Alan’s project is to create a painting for every year his subject remains incarcerated. Each four-foot square work (interestingly, Andy Warhol’s preferred sized canvas) is inspired by the emotional and intellectual content of their correspondences. A single photograph taken of the subject and his wife in their beautiful garden, a symbol of the joy he once experienced, is repeated, again and again, in each year’s painting. This poignantly references both the inner-life of the inmate’s relationship to the external world and his fading place within this existence.
Alan completed his speech by playing an eight-minute-long cello recital of torturous and emotionally evocative sounds whilst he read out one letter by the inmate. In this letter the audience discerned both the complexity of the subject and his involvement in Alan’s work, referencing a recent example that he had seen: “Then there is the black. Is the space growing or shrinking? We must think positively because rather than a suffocating vacuum the space contains a hint of colour. That means life, surely.” A discernible mood of emotional unrest and unease was felt, and at this point we were taken into the chapel where the cello recital continued, enhancing an atmosphere of both heightened concentration and discomfort.
In his style the series draws comparison to Robert Rauschenberg’s work. You see a faint depiction of the subject fading into an often compartmentalised background, either neutral or colourful, roughly applied in broad strokes of unmodulated colour. The everyday types of multi-media incorporated upon the canvas (such as screws, hinges, zips) also pays homage to Rauschenberg in Alan’s simpler, perhaps more focused style:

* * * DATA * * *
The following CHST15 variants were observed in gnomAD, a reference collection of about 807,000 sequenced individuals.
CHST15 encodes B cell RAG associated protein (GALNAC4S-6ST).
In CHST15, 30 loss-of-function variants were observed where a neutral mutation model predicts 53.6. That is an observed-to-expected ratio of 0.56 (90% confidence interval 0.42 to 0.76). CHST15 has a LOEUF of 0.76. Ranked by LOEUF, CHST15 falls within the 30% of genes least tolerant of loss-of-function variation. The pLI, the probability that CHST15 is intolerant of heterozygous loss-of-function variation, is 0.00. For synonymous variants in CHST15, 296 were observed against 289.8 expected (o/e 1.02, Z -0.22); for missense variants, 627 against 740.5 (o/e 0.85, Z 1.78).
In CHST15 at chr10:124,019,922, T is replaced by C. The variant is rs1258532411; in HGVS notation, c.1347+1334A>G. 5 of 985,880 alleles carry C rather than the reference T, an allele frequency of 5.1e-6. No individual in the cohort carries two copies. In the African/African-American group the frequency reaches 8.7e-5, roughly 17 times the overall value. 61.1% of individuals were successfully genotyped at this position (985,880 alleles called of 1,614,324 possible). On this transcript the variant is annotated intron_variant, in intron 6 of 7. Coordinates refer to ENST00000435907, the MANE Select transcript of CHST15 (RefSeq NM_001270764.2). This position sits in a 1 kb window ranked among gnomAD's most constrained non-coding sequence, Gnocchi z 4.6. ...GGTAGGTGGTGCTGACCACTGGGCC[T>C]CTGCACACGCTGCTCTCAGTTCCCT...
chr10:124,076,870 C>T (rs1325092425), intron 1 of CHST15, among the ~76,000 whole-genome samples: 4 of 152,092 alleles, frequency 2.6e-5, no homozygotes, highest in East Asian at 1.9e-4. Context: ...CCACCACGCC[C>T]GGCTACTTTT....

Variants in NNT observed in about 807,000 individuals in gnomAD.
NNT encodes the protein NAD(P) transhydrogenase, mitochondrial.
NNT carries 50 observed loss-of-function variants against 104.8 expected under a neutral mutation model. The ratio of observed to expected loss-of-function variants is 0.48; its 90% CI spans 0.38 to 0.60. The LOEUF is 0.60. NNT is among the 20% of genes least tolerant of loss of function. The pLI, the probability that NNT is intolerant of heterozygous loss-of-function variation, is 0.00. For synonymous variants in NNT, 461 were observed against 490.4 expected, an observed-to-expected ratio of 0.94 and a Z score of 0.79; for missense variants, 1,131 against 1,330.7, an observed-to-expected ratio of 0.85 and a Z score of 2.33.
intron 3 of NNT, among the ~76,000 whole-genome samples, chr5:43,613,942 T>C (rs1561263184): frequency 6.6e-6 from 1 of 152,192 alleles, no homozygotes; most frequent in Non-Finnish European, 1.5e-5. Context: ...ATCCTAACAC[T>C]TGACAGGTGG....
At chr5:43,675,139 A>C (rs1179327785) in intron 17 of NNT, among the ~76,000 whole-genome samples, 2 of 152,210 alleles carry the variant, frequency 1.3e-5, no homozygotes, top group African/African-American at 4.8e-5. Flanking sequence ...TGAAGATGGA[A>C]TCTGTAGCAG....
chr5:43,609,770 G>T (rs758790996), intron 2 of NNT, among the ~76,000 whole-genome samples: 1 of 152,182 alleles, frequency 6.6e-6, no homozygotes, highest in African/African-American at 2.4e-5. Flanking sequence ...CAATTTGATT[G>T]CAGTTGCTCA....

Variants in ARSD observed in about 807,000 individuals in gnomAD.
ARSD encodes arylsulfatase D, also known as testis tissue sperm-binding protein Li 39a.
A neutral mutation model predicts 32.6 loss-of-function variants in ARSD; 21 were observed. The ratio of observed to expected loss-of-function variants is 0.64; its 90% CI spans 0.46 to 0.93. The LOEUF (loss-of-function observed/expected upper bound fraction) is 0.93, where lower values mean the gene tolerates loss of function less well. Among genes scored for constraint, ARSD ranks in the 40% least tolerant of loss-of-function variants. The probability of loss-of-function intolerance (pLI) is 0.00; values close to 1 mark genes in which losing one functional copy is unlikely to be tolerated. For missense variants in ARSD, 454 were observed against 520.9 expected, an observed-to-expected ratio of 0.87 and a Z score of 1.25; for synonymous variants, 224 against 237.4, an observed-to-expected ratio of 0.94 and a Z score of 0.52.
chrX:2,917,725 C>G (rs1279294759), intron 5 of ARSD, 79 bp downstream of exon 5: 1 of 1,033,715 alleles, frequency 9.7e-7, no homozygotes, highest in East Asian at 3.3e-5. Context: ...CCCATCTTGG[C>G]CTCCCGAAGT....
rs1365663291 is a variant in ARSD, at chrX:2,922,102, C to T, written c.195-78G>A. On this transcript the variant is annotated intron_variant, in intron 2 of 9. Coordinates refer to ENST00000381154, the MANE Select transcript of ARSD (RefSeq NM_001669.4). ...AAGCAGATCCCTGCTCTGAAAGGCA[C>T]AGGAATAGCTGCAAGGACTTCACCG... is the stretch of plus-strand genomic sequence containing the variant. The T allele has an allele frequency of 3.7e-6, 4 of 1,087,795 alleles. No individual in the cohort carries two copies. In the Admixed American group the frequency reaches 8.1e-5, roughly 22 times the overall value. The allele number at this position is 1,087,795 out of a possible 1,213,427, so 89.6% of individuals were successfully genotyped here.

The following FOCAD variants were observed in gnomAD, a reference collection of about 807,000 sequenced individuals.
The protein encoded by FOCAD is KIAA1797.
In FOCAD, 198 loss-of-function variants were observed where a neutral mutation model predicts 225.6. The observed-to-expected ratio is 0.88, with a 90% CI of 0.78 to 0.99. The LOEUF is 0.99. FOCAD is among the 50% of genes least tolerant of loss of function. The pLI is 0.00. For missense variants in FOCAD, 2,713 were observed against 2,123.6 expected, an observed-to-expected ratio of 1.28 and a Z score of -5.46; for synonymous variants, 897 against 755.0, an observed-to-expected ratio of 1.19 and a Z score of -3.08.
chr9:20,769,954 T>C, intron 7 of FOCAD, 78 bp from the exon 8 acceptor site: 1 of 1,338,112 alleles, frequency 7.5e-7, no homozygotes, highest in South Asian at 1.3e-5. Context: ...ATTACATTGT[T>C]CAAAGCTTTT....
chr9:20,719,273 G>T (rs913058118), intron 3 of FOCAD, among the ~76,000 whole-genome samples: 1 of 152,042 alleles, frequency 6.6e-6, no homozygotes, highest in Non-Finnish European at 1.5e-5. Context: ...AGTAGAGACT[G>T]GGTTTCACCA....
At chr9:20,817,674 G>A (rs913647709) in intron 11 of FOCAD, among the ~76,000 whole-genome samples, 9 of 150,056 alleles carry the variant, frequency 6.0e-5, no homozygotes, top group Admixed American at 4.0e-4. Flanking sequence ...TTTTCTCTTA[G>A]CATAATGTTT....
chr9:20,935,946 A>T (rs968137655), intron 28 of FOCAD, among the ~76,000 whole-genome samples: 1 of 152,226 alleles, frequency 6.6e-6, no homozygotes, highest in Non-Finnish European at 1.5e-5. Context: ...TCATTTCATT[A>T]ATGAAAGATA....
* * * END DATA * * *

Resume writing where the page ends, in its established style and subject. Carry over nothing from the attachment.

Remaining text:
The cycle itself begins with a painting of two halves, connected by a zip in the centre of the panel. Already the subject is visible only faintly, a ghostly apparition compared to the strong outlines of his wife; faceless features serve to heighten the de-humanising process, accentuated by usually unseen-every-day objects placed externally to reference the interior-life ripped out externally. In the fourth year’s panel the tone turns to a sombre black. Here, the use of a bin liner wrapped around the subject’s face emphasises the sensation of his interior suffocation during a two-year state of intense depression wherein no letters or communication occurred.
Alan manages to create with this evocative exhibition a real sense of emotional desolation, depression and imprisonment. Fortunately for us, the exit was ready for when we wished to withdraw. Unlike the subject of this painting cycle we were, thankfully, not trapped in this unsettling world, but free to depart and enjoy normality once again. For those who would like to visit and experience this exhibition themselves, however, it is on until August 31st.
By Siobhan Harper
I was unfashionably keen to be part of the Café des Arts team this year, and thrilled when I was successful! I’d attended most of their events the previous two years that I’d been at Ustinov, and, as an arts student and enthusiast myself, had often thought about what events I’d love to put on if I were a part of this project.